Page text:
Are you using a screen reader? Click here to view the navigation links for this site as a bulleted list.

Partner logos: BLM, FWS, FS, NPS, University of Montana Logo
Connecting federal employees, scientists, educators, and the public with their wilderness heritage
Text size: A | A | A  [Print]

Hells Canyon Wilderness

General Location Maps Contacts Area Management Wilderness Laws Trip Planning Images
A single horseback rider stands at the edge of a sharp butte with canyons in the background.
Library image #859: Hells Canyon National Recreation Area is part of the Wallowa-Whitman, Nez Perce, and Payette National Forests.


The United States Congress designated the Hells Canyon Wilderness (map) in 1975 and it now has a total of 217,613 acres. Idaho contains approximately 86,276 acres. Oregon contains approximately 131,337 acres. It is managed by the Bureau of Land Management and the Forest Service.


Hells Canyon Wilderness is a subset of the Hells Canyon National Recreation Area (HCNRA), which straddles the border of northeastern Oregon and western Idaho. Split into two distinct halves by the Wild & Scenic Snake River, approximately one-third of HCNRA comprises the Hells Canyon Wilderness. A small portion of the Wilderness in Oregon is managed by the BLM.

The Idaho side of the Wilderness is smaller than the Oregon side and encompasses the Seven Devils mountain range. The Wilderness stretches south from Pittsburg Landing for approximately 31 miles along the Snake River. In the summer, the temperature at the river often reaches 110 degrees F. After May, hiking in the canyon is very difficult due to heat. Even so, in early June the Seven Devil Mountains on the Idaho side are often still under five feet of snow.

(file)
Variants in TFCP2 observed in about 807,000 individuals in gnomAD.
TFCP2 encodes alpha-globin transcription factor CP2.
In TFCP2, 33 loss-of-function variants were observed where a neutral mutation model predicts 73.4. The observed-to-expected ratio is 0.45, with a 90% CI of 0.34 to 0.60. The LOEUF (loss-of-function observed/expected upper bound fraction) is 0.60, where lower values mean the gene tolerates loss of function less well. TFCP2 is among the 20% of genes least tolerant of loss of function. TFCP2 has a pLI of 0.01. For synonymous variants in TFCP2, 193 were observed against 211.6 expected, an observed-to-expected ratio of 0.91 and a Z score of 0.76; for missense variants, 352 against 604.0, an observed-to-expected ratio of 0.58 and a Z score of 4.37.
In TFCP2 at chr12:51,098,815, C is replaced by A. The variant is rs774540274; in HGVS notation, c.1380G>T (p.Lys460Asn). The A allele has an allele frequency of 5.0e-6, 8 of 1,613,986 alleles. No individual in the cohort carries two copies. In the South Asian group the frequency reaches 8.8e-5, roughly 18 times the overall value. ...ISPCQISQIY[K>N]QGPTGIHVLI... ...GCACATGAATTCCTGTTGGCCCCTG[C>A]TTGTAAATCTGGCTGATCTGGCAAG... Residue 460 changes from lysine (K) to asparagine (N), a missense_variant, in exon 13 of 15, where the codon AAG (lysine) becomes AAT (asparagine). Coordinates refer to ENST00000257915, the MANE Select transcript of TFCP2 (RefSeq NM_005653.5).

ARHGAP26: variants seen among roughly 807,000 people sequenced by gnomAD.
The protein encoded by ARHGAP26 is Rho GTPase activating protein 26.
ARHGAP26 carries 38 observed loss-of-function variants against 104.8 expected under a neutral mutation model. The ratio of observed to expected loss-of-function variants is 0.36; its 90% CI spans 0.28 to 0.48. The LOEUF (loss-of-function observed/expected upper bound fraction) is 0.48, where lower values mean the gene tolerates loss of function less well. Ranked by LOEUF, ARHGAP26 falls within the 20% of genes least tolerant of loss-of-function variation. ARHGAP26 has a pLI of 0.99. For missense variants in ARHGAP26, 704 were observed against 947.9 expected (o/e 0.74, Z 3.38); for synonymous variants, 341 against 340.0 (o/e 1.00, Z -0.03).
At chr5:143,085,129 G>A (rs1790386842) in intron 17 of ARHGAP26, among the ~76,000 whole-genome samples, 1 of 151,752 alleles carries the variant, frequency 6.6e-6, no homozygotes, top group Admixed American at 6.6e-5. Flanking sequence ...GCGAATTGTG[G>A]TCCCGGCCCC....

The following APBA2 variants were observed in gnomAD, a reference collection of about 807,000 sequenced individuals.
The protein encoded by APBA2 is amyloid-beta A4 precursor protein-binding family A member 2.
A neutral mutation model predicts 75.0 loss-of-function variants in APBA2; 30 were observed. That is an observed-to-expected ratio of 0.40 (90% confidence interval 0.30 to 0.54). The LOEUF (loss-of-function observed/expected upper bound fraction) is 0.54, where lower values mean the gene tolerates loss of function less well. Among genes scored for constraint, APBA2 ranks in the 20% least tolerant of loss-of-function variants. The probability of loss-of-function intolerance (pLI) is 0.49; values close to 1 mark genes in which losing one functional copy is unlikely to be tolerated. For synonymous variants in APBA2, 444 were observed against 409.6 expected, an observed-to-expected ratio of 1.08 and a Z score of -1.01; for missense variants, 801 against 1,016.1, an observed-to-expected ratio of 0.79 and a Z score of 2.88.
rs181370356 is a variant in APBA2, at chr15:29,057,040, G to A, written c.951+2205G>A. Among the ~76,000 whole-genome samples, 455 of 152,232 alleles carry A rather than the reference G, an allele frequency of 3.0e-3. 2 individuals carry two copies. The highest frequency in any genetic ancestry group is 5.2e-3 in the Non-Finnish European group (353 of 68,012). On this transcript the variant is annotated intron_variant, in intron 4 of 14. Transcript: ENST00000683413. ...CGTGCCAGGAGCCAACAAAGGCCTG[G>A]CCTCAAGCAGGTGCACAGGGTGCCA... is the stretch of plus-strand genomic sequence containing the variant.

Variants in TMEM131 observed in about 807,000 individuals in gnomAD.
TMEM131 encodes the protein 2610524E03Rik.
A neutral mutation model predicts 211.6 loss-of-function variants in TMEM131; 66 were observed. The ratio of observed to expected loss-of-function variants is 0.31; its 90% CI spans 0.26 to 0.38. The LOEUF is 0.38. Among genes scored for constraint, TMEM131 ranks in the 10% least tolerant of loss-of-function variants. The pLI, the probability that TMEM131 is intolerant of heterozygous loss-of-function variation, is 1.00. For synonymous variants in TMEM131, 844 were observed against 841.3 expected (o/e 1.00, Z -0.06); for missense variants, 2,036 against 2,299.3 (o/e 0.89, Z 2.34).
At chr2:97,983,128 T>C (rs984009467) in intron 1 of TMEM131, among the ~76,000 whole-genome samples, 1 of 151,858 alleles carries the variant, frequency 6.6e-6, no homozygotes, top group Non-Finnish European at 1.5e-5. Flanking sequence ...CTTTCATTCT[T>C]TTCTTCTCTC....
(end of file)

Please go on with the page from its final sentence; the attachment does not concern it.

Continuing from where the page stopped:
On the Oregon side, the higher elevation areas are characteristic of rocky slopes and grasslands laced with 'stringer canyons' and groves composed of Douglas fir and ponderosa pine. The lower elevations are dominated by grassland benches with steep canyons and ravines dissecting the isolated Oregon-side. Hells Canyon is 8,000 feet deep in places. The average depth is more like a mile – 5,280 feet. At any rate, it is 9,393 feet elevation at He Devil Mountain in the Hells Canyon Wilderness of Idaho, and from 1,000 to 800 feet down on the river. Two National trails are found at various elevations: Western Rim/Summit Ridge Recreation Trail at the upper elevation, and Nez Perce Historic Trail near the Snake River. In total, Hells Canyon Wilderness contains 360 miles of trails. Species of interest are Rocky Mountain Elk, bighorn sheep, mule deer, and chukar. Plant species include sagebrush, Engelmann spruce, sub-alpine fir, western larch, Douglas fir, and ponderosa pine. Prickly pear cactus and poison ivy are fairly common as well.

Planning to Visit the Hells Canyon Wilderness?

Leave No Trace

How to follow the seven standard Leave No Trace principles differs in different parts of the country (desert vs. Rocky Mountains). Click on any of the principles listed below to learn more about how they apply in the Hells Canyon Wilderness.
  1. Plan Ahead and Prepare
  2. Travel and Camp on Durable Surfaces
  3. Dispose of Waste Properly
  4. Leave What You Find
  5. Minimize Campfire Impacts
  6. Respect Wildlife
  7. Be Considerate of Other Visitors
For more information on Leave No Trace, Visit the Leave No Trace, Inc. website.

Give us your feedback